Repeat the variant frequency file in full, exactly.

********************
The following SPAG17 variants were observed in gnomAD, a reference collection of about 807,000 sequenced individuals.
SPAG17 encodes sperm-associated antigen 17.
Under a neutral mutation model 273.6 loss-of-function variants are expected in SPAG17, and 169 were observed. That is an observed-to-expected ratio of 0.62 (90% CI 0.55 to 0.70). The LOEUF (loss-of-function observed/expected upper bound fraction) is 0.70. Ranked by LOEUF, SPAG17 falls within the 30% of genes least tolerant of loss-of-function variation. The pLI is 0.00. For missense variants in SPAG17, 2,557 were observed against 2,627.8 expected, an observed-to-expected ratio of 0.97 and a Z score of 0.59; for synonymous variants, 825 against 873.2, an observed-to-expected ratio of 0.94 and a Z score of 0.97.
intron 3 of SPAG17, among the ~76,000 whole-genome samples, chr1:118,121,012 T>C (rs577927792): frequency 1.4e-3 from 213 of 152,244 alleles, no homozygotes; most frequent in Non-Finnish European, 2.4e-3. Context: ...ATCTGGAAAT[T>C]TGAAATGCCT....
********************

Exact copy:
The following SPAG17 variants were observed in gnomAD, a reference collection of about 807,000 sequenced individuals.
SPAG17 encodes sperm-associated antigen 17.
Under a neutral mutation model 273.6 loss-of-function variants are expected in SPAG17, and 169 were observed. That is an observed-to-expected ratio of 0.62 (90% CI 0.55 to 0.70). The LOEUF (loss-of-function observed/expected upper bound fraction) is 0.70. Ranked by LOEUF, SPAG17 falls within the 30% of genes least tolerant of loss-of-function variation. The pLI is 0.00. For missense variants in SPAG17, 2,557 were observed against 2,627.8 expected, an observed-to-expected ratio of 0.97 and a Z score of 0.59; for synonymous variants, 825 against 873.2, an observed-to-expected ratio of 0.94 and a Z score of 0.97.
intron 3 of SPAG17, among the ~76,000 whole-genome samples, chr1:118,121,012 T>C (rs577927792): frequency 1.4e-3 from 213 of 152,244 alleles, no homozygotes; most frequent in Non-Finnish European, 2.4e-3. Context: ...ATCTGGAAAT[T>C]TGAAATGCCT....